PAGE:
You might have heard the definition for metadata is “data about data,” or something similar. But that’s a confusing definition and it doesn’t help you understand how important metadata is for your business; especially for content marketing and search engine optimization (SEO). Let’s take a more in-depth look at what metadata is and how it can benefit your SEO strategy.
Image via Giphy by @YellowstoneTV
Metadata helps to describe the information on your webpage in a way Google or other search engines can better understand. That includes your landing pages, as well as your blogs, articles, and eBooks. There are two main forms of metadata, including:
When adding metadata to your website for SEO, there are a few key places to focus:
Title tags are important for your content because they’re one of the first things that search engines scan to understand your content. They explain exactly what topics your webpage covers. They also include the main keyword that your content is targeting. You can find title tags in the HTML code of your webpage by searching for the <title> section at the top of the source code. Web designers often add these tags manually. But most website builders offer an easier way for non-coders to include them on each webpage.
The meta description is a quick summary of what people can find on a webpage or piece of content. They often appear on the search engine results page (SERP) in both mobile and desktop searches. Though meta descriptions have no direct impact on SEO, they can still help increase your page views and traffic. That’s because meta descriptions entice people to click on your page and read your content.
If your descriptions accurately talk about the topic of your content, searchers might be more willing to click on it. When search engines see that people are reading your content, that often helps improve your search ranking.
Similarly, image tags also don’t influence SEO directly. But they do provide search engines with information about the image, like what is and how it appears. Search engines take this information and display these images in other places, like the SERP or in rich snippet sections of Google’s search. Image tags also help to ensure that the image loads correctly and displays to the person viewing your content.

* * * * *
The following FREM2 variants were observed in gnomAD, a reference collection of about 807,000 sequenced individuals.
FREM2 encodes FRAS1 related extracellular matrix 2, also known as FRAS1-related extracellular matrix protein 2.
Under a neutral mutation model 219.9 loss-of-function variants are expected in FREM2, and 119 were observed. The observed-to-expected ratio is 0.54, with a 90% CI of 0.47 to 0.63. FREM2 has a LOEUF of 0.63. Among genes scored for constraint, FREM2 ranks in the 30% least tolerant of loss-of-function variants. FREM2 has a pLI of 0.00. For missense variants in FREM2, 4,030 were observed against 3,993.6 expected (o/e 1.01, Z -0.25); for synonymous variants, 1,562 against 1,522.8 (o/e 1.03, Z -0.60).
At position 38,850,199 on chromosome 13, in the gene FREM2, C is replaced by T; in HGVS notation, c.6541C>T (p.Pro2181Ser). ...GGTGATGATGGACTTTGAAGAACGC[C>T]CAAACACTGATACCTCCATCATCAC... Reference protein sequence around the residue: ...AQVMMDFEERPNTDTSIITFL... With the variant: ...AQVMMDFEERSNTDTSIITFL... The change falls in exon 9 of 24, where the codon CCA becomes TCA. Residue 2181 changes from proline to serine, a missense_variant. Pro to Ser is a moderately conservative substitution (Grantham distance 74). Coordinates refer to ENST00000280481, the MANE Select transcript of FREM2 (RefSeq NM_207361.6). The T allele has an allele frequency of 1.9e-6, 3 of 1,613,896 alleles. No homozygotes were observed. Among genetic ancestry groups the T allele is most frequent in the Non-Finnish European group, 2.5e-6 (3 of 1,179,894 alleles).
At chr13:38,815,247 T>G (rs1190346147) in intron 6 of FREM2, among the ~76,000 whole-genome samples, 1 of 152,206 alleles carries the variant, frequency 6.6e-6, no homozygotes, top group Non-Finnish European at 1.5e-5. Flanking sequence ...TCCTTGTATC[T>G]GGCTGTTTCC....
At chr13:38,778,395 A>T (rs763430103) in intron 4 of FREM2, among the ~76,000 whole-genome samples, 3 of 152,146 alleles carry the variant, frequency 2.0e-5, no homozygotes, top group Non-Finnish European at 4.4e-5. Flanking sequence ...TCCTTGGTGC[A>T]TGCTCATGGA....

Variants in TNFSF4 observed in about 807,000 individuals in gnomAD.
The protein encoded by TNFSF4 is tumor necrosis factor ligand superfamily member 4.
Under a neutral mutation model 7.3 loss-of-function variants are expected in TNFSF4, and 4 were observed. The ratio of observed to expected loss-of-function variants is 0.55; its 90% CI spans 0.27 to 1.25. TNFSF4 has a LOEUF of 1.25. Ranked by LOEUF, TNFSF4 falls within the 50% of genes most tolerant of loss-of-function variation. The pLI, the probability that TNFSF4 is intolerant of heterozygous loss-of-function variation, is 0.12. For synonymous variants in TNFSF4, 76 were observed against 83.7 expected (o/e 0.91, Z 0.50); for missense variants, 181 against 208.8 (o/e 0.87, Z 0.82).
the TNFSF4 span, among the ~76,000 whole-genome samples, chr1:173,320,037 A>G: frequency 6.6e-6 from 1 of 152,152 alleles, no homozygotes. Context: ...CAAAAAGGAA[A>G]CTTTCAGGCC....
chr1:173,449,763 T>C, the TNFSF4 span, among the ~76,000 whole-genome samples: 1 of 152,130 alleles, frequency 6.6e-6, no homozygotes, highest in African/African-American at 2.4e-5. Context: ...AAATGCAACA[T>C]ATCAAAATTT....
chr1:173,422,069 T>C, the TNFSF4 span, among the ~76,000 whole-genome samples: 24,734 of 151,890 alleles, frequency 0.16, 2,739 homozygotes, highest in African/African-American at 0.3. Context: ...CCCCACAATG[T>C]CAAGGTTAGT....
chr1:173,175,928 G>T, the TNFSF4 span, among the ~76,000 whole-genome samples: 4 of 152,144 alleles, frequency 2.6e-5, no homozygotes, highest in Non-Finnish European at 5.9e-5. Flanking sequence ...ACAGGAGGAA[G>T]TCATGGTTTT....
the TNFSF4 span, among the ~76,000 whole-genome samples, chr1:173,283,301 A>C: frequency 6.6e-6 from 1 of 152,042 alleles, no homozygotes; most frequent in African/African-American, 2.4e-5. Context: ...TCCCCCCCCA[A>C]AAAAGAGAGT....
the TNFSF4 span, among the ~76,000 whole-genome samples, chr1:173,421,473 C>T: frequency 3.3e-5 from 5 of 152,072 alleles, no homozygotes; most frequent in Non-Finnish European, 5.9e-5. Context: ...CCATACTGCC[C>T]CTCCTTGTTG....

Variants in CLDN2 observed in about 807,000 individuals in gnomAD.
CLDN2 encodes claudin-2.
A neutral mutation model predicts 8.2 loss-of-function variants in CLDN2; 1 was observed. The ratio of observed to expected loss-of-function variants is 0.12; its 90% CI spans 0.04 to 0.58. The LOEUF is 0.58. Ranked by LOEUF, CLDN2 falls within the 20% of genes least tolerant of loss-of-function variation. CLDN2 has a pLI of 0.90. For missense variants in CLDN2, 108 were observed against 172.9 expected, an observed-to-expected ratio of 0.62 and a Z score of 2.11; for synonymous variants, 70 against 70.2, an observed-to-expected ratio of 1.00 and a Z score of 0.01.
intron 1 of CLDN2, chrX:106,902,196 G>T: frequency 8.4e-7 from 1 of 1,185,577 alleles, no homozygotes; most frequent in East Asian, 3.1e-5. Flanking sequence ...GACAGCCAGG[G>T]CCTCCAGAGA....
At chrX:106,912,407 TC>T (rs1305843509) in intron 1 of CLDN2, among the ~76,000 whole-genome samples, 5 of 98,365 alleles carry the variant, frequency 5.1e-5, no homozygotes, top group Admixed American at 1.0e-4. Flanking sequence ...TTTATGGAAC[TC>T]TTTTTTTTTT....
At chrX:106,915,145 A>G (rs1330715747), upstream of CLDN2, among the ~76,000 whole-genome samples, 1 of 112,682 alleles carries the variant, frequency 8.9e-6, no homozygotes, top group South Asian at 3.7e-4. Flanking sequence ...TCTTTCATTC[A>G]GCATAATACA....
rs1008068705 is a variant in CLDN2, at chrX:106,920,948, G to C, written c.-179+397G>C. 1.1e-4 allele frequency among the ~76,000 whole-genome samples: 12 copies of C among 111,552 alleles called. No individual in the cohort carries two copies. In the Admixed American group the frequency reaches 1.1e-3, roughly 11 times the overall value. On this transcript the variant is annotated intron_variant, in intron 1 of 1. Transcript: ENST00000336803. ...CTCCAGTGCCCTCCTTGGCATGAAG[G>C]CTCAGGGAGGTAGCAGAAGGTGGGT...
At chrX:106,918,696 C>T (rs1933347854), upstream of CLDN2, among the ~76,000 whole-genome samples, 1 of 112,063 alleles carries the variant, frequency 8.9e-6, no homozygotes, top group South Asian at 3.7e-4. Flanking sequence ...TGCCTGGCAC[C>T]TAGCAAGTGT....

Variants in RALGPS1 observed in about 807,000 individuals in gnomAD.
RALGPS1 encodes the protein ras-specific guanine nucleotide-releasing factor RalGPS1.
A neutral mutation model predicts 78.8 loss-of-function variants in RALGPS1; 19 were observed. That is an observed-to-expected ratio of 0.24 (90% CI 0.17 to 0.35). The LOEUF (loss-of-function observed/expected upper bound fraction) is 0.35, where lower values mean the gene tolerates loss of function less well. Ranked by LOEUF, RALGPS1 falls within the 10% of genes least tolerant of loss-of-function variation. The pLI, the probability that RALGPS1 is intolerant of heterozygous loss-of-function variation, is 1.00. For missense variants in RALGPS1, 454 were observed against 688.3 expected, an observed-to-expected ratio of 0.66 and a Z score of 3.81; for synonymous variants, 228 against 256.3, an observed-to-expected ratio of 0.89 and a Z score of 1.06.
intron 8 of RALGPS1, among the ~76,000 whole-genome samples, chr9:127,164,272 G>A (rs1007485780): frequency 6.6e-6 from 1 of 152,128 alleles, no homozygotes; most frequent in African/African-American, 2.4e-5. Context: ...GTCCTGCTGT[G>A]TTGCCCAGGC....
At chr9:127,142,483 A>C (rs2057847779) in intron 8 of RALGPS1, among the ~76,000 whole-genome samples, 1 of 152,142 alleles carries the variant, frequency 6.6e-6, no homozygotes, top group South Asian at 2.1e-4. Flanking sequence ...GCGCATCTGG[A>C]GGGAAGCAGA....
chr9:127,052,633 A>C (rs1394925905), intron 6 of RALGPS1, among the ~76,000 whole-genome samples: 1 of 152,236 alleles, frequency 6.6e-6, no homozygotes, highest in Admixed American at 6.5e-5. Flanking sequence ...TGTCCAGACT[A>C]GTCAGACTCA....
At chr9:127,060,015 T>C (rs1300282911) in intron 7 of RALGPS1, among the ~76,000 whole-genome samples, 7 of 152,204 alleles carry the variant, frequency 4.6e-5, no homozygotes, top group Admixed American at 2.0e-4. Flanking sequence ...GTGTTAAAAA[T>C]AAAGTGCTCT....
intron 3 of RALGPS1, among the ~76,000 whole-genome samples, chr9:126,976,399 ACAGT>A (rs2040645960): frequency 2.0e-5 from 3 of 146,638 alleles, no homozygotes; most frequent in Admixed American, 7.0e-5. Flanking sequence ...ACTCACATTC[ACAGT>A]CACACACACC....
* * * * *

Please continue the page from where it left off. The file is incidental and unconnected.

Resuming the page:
Search engines look at image titles and alt attributes for more keywords and other information. This helps to further solidify their understanding of your content. Keywords in your image title might also help the picture show up in image searches. Alt attributes provide a description of the picture or image. This can help make your content serve accessibility needs and provide another place for you to include your main keyword. Just be careful not to use alt attributes for keyword stuffing, or search engines might dock your ranking.
Schema markup is code that lists information about your company. That can include its name, type of organization, and the products or services it sells. This makes your content easier for search engines to read and understand. It also creates an opportunity for your content to display on featured sections of the SERP. That includes being featured in rich snippets, as well as Google’s knowledge graph, as shown below:
Image via Google
Because schema is a snippet of code, using a web designer is one of the most effective ways to add it to your content. But there are other tools that can help you create and install schema yourself. In fact, there is a range of plug-ins you can use for web-hosting services like WordPress, which currently powers over 42% of the internet. Some of those plug-ins include:
Image via Giphy by @cbs
Search engines crawl your web pages to recognize keywords and other information. Then, they compare that with the metadata to organize your webpage in the SERP. Using metadata boosts your SEO efforts because it’s written in the search engine’s language. This helps search engines better understand the topic of your webpages and content. It also helps them display more relevant results to searchers.
For example, let’s say you write a resource article for your audience titled, “how to change a flat tire.” In the article, you might include a heading two (H2) labeled “how to change a flat tire while on the highway.” Search engines know that the title tag is more prominent than the other heading. That means, they know which piece of information the content is more likely to talk about in-depth.
But ultimately, no matter how much you focus on improving your SEO through metadata, when it comes to improving your ranking, content and well-targeted topics will always be most important. Talk with experts who understand SEO and the best ways to boost your search engine ranking through metadata and beyond. CopyPress has a team of expert writers and editors who know the best practices for search engine optimization and how to boost your campaign with quality copy. Schedule a call with us today to see how we can help you develop excellent, brand-focused written content that captures the attention of your target audience.
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